The Radeon 9700 has twice as many pixel pipelines and twice as wide memory bus compared to the Radeon 9600, X600 and X1600.
  13. Anonymous Freak macrumors 603

    Anonymous Freak

    Dec 12, 2002
    DDR2 is DDR2, and iMac uses same NB as MBP.

    As PB911 says, the iMac has SO-DIMMs, too. And there is no difference between SO-DIMMs and regular DIMMs of the same technology and speed. It's just a different physical form factor. So DDR2 667 on a SO-DIMM is exactly the same as DDR2 667 on a DIMM.

    And as the iMac teardown shows, the iMac uses the same chipset that the MBP will use. How do I know? Because at present, there is only one chipset that supports the Core Duo. Intel's 945xM. There are two main versions, one with integrated graphics (945GM,) one without (945PM.) That's it. And we know that the MacBook Pro will use ATI graphics, so there's no reason to use the integrated graphics model... (Which, when paired with an external video chipset, is just as fast as the discrete, so it doesn't really matter which Apple uses.)

    As for your dad's laptop? Well, notebook manufacturers can use desktop chipsets in a laptop if they feel like it. I mean, the Extreme Pentiums are desktop processors, so why wouldn't the company use a desktop chipset? He just chose poorly.
  14. spencecb macrumors 6502a


    Nov 20, 2003
    I'm afraid we can assume that an iMac G5 would beat the pants off of a PowerBook. There really is no comparison.
  15. mongoos150 macrumors 6502a


    Sep 20, 2005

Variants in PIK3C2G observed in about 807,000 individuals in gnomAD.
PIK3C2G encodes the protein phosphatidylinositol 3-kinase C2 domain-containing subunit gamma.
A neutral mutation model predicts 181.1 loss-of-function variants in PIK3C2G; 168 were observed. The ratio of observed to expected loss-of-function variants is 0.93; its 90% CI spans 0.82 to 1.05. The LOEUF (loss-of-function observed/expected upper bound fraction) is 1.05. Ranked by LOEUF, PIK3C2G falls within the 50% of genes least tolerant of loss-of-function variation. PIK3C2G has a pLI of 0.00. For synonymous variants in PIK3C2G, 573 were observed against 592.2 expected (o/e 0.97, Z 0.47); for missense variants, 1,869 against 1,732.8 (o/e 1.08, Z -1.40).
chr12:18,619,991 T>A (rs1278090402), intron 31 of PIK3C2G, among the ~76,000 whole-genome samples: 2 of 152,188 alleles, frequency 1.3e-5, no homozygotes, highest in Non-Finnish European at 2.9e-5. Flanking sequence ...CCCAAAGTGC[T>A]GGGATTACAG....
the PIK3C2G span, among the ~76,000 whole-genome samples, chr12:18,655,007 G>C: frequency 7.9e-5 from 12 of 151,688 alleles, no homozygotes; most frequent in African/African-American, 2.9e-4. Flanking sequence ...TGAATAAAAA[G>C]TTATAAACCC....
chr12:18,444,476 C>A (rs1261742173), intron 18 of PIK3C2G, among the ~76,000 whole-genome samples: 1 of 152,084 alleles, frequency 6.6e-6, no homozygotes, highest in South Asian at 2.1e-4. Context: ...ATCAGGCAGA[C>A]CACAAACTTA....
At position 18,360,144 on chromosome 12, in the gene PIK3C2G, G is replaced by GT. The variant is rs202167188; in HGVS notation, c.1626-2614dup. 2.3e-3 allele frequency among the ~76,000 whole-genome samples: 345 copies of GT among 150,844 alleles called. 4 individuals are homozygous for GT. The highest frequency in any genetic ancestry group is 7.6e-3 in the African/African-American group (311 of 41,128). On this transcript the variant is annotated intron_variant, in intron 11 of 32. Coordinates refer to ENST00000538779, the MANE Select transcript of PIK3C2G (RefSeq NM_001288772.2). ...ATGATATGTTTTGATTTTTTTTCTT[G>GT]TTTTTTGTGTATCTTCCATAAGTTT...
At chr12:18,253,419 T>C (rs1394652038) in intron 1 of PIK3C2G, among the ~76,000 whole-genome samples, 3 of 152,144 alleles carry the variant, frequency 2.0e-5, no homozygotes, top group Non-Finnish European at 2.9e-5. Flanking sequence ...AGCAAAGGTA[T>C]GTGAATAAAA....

Indeed, just as the Intel iMac will beat the pants off of the iMac G5 :)
  16. verb thread starter macrumors member

    Jan 30, 2004
    I've found these debates to be completely fruitless since nobody can remember precisely what the differences between the 9700, 9700 Pro, 9700XT and the X800, X800 SE, X800 GT, X800 Pro, X800 GT, X800 GTO, X800 XL, and X800 XT are much less all the deritivies of the 9600, 9800, X300, X600, X700, X800, X850, X1300, X1600 and X1800 GPUs. It gets even more complicated once you start comparing in NVidia's offerings.

    Does anyone have a simple Quake 3 benchmark from a 1.67Ghz Powerbook G4 and a 2Ghz iMac G5 (or similar)? That would seem a more concrete way to full understand Apple's claims.
  17. gekko513 macrumors 603


    Oct 16, 2003
    Did you even look at the link I gave?
  18. Mord macrumors G4


    Aug 24, 2003
    the desktop 9700 is an r300 core thus has 8 pixel pipes, the 9700 mobility is a higher clocked RV360 thus is like a mobile 9600XT, the x600 is a much higher clocked 9600 with a few architectural differences, the x600XT should have about a 20-30% speed advantage over the 9700 mobility.